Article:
Northern England is covered with castles. In medieval times, the area was under constant threat of raids from Scotland. As a result, castles were built to provide protection. Yesterday at breakfast, an English couple staying at our B&B told us how they had enjoyed their visit to Dunstanburgh Castle. It is located near the fishing village of Craster, which is not far from away. We decided to plan a visit before we left for Keswick in the Lake District.
Unlike the Alnwick Castle that we visited yesterday, Dunstanburgh Castle is now a ruin. It was built in the 14th century by the Earl of Lancaster. Craster has a car park located just outside the village. You walk into the village and then turn and walk along the coast for a few kilometers.
We have been very lucky with weather so far on our trip. This was the first day that rain was a bit of an issue. We started our walk in drizzle, but when we reached the castle, the wind came up and the drizzle turned to rain.
Fortunately, when we got back to the village, we found a delightful little cafe where we found a warm bowl of Stilton and broccoli soup, some scones and a pot of tea to take away the chill.
By the way, we've been a bit surprised by the temperatures. We get down to single digits at night and daytime highs are in the mid teens.
While planning my first trip to England in 2006, I had read about Hadrian's wall. Hadrian is the name of the Roman Emperor who decided in 122AD to build a wall and fort system across the north of England from coast to coast. The wall represented the northern border of the Roman Empire and was intended to keep out the barbarians. The wall took the Romans six years to build.
We didn't get far enough north to see the remains of the wall on our 2006 trip, but this time we would be passing nearby, on our trip across England to the Lake District.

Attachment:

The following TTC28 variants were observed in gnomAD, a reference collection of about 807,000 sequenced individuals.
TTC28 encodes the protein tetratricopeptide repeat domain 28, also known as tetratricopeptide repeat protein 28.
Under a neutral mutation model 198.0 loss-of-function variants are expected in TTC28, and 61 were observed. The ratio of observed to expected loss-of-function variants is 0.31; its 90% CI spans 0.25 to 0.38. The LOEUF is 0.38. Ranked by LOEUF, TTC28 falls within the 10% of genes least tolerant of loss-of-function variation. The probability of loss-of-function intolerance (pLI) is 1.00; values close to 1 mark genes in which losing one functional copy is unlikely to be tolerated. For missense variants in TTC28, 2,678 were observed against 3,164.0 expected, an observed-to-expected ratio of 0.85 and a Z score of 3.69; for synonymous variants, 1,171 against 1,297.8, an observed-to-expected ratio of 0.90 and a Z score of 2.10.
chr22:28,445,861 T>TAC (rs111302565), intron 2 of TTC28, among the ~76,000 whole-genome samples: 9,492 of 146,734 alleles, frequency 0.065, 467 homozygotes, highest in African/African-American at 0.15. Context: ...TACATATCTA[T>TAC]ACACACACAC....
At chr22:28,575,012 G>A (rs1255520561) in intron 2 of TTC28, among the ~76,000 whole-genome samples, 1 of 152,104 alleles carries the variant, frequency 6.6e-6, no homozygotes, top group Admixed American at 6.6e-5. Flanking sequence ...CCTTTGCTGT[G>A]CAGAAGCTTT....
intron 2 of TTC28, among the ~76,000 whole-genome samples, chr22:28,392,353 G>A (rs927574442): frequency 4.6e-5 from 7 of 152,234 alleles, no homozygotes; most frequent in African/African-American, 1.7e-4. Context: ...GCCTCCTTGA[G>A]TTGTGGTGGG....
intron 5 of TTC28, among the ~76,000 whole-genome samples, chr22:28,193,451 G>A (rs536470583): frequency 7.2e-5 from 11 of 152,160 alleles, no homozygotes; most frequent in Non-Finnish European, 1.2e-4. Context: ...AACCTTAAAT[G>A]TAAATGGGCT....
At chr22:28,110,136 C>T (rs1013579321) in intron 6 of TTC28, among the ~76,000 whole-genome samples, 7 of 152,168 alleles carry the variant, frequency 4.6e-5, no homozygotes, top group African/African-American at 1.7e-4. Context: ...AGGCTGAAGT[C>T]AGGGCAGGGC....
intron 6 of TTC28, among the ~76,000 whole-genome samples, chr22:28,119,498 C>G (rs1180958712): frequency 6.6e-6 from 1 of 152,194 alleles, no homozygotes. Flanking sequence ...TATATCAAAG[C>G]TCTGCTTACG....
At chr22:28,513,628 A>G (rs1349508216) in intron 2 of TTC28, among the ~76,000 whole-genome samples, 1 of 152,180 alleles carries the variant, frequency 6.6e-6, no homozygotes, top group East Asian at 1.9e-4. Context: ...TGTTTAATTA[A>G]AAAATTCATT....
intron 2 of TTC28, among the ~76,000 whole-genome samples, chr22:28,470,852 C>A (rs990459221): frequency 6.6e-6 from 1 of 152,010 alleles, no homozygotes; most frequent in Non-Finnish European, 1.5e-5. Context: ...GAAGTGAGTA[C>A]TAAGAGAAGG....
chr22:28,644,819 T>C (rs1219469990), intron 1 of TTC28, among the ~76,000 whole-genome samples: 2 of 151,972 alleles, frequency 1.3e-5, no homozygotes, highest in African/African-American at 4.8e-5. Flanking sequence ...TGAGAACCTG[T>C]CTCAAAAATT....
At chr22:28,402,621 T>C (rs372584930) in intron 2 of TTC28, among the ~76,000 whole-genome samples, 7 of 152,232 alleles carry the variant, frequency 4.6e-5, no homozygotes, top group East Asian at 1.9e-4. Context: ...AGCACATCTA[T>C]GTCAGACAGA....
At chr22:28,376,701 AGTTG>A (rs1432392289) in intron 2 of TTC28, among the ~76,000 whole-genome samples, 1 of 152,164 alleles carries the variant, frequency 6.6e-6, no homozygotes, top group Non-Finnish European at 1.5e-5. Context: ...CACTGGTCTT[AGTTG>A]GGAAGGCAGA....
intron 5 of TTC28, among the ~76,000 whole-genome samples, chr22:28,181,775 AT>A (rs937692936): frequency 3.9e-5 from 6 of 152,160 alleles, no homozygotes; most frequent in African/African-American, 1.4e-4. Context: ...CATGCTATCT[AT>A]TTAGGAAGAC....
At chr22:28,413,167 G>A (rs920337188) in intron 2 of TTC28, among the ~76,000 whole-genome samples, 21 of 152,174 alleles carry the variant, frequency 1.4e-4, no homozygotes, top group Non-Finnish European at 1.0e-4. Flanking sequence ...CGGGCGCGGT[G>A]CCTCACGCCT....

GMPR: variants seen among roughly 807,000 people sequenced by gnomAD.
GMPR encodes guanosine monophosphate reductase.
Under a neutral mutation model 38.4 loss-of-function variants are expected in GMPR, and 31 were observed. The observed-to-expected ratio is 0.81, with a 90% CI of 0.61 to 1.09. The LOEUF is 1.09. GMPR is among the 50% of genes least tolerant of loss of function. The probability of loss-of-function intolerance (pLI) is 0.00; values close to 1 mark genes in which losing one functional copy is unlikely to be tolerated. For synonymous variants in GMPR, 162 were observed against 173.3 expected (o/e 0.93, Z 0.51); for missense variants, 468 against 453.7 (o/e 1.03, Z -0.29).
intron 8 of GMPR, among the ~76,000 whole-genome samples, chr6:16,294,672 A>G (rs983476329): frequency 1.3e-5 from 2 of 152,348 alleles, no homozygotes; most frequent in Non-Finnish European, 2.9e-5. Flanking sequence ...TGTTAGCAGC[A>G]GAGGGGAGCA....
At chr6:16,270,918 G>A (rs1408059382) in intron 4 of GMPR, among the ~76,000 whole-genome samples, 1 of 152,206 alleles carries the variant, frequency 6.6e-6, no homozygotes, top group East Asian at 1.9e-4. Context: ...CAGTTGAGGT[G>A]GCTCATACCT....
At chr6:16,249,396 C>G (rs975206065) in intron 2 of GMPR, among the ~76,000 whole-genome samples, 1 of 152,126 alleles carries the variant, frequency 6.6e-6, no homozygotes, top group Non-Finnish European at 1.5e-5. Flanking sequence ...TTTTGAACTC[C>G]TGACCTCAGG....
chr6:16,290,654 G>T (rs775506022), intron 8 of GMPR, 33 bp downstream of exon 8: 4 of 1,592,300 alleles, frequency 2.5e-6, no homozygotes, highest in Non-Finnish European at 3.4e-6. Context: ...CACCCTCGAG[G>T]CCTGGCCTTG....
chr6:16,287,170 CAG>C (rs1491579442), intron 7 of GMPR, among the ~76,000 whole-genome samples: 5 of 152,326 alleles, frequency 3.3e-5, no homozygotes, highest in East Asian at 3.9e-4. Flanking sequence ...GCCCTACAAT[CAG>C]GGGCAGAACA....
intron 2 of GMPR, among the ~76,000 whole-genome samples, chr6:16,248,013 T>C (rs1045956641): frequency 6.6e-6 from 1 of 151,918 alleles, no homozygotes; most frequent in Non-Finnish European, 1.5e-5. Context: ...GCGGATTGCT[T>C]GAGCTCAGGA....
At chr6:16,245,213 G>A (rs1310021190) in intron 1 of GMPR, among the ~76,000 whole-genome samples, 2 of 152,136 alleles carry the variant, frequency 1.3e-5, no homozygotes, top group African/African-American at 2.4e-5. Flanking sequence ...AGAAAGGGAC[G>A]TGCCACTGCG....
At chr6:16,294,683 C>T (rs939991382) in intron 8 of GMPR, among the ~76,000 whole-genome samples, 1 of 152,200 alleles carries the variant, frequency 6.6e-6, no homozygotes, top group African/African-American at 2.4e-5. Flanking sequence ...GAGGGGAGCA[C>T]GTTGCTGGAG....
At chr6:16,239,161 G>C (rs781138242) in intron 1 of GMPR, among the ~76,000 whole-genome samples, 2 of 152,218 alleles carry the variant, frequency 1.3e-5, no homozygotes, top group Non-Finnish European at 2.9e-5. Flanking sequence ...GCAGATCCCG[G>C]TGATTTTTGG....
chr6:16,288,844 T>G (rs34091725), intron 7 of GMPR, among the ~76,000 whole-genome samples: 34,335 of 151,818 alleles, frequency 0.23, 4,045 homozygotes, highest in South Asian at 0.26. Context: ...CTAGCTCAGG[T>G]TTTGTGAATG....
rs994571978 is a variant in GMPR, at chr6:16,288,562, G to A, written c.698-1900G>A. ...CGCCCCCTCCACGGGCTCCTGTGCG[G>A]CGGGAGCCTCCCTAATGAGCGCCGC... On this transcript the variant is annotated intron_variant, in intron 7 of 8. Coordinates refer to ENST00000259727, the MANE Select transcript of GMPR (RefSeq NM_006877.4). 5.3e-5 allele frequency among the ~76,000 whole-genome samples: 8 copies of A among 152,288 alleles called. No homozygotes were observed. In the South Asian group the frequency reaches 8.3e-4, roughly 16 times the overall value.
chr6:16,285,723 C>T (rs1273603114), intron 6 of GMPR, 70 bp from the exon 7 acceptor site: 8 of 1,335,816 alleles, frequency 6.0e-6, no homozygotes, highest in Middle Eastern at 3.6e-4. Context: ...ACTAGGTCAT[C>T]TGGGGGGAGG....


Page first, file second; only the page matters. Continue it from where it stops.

After returning to the car at Craster, we plotted our course to visit the wall. We have been using a combination of a GPS and a detailed map book we bought in a bookstore in London. This combination seems to be working.
We left the main highway, to drive on a secondary road that follows along the path of the wall. We found the Visitor's Centre of the Northumberland National Park and were given directions to where to view the wall.
We climbed a path to the top of the ridge, to get a closer view of a section of the wall.
A few miles later, we stopped again at another spot called Walltown and I hiked to a more impressive section of the wall. Cathy opted to stay in the car park this time. She took one look at the sky and with characteristic Newfoundland-mariner instincts, declared it was about to rain again. I went off on this hike by myself and got a few more pictures before I got caught in the predicted downpour.
We arrived in Keswick and found our B&B. It is called Seven Oaks on Acorn Street.
Again we are in a Victorian townhouse that is within a convenient walk of the market area of the town. Our host are very friendly and knowledgable about the walking trails around the area.
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